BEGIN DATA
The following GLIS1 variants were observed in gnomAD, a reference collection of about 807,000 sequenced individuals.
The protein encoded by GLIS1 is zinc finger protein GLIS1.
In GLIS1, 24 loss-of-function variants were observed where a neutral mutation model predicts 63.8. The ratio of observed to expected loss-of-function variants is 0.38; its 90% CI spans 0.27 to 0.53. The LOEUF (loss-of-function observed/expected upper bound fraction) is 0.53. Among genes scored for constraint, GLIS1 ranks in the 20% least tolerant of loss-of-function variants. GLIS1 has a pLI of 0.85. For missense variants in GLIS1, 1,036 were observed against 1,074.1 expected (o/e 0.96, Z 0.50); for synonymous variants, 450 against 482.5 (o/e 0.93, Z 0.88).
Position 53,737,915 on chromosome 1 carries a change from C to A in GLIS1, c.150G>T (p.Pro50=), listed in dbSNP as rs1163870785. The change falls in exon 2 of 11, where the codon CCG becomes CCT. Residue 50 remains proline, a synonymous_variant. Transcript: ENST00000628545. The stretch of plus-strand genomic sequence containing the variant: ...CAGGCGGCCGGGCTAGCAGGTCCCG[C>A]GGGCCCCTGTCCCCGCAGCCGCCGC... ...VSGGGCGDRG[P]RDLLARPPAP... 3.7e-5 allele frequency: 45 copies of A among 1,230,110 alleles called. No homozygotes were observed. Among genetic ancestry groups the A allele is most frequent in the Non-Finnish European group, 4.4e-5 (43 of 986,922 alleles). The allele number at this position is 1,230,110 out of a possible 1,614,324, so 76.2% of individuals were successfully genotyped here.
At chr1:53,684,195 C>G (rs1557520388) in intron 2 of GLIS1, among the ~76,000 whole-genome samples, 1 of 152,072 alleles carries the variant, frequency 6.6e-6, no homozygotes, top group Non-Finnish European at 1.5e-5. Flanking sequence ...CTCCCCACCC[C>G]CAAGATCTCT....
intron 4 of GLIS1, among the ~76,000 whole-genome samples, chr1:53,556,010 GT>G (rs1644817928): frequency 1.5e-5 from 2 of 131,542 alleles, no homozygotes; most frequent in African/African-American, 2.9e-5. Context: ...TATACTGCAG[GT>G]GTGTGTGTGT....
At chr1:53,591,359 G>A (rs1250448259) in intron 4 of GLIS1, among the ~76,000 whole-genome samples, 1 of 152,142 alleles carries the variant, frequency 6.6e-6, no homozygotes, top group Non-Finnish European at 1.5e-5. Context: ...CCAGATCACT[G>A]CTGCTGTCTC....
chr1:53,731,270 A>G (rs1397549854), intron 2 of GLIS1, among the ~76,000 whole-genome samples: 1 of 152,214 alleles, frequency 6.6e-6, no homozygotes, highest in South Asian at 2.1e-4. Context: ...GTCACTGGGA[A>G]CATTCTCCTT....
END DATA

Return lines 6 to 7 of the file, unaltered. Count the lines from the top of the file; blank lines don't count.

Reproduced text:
intron 4 of GLIS1, among the ~76,000 whole-genome samples, chr1:53,556,010 GT>G (rs1644817928): frequency 1.5e-5 from 2 of 131,542 alleles, no homozygotes; most frequent in African/African-American, 2.9e-5. Context: ...TATACTGCAG[GT>G]GTGTGTGTGT....
At chr1:53,591,359 G>A (rs1250448259) in intron 4 of GLIS1, among the ~76,000 whole-genome samples, 1 of 152,142 alleles carries the variant, frequency 6.6e-6, no homozygotes, top group Non-Finnish European at 1.5e-5. Context: ...CCAGATCACT[G>A]CTGCTGTCTC....